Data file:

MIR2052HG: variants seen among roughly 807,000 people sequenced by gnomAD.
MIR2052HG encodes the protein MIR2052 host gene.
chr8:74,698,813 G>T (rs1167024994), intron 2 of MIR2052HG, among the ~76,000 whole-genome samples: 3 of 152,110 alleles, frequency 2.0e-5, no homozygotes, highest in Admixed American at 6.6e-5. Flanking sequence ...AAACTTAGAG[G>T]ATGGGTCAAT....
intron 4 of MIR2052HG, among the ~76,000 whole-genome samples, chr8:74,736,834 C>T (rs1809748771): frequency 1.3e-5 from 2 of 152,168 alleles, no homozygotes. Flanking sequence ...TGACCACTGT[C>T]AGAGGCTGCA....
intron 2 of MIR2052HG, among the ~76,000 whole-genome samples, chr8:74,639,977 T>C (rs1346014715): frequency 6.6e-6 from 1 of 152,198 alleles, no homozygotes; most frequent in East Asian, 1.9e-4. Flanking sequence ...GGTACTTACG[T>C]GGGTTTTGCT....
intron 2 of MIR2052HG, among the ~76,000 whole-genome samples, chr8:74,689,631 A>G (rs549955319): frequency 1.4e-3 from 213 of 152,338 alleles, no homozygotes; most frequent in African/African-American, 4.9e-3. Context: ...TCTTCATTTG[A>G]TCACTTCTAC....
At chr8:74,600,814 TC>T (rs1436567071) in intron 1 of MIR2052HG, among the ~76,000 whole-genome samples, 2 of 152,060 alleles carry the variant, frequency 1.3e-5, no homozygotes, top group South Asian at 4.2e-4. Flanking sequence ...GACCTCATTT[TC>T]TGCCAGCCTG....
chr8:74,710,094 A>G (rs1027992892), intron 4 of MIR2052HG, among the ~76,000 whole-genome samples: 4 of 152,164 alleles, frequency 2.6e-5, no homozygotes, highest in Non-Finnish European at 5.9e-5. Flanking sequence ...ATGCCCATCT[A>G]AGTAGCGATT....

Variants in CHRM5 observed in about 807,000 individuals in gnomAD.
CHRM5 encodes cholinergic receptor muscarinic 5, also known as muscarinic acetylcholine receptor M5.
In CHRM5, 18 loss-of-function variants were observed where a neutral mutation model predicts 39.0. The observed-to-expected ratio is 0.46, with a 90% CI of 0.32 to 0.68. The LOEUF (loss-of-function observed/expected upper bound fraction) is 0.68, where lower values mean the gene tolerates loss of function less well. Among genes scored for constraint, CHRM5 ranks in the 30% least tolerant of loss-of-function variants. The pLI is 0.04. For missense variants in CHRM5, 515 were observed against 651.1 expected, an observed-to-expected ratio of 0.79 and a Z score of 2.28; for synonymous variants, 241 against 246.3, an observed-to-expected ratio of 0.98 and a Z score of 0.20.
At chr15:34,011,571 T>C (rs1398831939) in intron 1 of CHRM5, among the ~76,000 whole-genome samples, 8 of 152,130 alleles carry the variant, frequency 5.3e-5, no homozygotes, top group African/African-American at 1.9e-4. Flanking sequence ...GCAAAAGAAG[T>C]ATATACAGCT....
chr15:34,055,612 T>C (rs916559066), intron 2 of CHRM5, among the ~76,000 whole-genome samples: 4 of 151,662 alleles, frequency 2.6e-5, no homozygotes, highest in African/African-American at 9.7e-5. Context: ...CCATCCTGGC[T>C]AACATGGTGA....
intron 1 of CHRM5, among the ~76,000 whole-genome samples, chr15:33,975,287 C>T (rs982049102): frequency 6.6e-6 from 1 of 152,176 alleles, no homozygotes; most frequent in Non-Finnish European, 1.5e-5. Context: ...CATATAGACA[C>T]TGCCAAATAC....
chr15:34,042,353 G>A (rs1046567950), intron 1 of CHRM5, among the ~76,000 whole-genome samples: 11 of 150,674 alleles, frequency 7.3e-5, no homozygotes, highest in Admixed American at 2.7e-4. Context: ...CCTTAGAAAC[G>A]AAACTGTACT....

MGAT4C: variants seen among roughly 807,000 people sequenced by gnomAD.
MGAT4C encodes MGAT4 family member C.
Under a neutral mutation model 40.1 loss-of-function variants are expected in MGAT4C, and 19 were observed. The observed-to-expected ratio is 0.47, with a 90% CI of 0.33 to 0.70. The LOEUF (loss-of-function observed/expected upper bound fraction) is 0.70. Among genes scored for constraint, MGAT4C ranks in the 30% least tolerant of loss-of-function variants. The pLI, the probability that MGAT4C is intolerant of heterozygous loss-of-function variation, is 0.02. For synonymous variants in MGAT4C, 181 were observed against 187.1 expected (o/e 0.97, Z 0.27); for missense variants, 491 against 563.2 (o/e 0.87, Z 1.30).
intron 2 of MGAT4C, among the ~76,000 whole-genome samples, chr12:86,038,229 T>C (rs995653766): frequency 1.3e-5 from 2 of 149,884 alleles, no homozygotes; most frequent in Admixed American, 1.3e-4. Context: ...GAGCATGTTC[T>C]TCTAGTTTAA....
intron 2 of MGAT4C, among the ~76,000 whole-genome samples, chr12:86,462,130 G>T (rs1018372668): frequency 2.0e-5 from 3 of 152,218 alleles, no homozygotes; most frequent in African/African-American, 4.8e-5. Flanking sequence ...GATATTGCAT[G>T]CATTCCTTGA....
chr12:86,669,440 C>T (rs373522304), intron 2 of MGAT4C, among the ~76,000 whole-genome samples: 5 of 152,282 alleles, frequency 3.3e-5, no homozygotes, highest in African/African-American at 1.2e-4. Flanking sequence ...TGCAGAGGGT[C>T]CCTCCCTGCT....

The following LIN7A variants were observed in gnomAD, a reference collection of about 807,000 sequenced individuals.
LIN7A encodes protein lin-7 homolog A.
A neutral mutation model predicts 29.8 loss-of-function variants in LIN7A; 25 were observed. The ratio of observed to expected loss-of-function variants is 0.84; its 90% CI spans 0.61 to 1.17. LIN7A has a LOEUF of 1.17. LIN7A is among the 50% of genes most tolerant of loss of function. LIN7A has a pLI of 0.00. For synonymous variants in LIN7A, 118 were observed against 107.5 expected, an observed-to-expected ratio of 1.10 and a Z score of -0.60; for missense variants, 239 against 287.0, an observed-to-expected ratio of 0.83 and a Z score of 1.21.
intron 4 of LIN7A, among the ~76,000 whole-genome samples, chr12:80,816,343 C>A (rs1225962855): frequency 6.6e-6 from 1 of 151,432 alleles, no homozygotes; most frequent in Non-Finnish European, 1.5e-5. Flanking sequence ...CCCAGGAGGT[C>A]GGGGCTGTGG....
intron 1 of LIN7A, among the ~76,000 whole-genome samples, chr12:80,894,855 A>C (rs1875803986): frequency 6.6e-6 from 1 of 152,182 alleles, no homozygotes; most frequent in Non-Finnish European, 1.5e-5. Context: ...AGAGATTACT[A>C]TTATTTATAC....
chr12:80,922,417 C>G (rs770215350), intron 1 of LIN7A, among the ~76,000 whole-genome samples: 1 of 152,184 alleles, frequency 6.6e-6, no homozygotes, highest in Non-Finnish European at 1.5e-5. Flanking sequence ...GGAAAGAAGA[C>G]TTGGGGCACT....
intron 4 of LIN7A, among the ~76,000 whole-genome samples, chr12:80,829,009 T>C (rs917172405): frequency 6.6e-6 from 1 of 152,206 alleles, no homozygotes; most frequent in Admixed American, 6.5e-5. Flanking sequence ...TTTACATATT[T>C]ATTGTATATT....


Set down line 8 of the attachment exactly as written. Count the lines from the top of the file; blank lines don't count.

chr8:74,710,094 A>G (rs1027992892), intron 4 of MIR2052HG, among the ~76,000 whole-genome samples: 4 of 152,164 alleles, frequency 2.6e-5, no homozygotes, highest in Non-Finnish European at 5.9e-5. Flanking sequence ...ATGCCCATCT[A>G]AGTAGCGATT....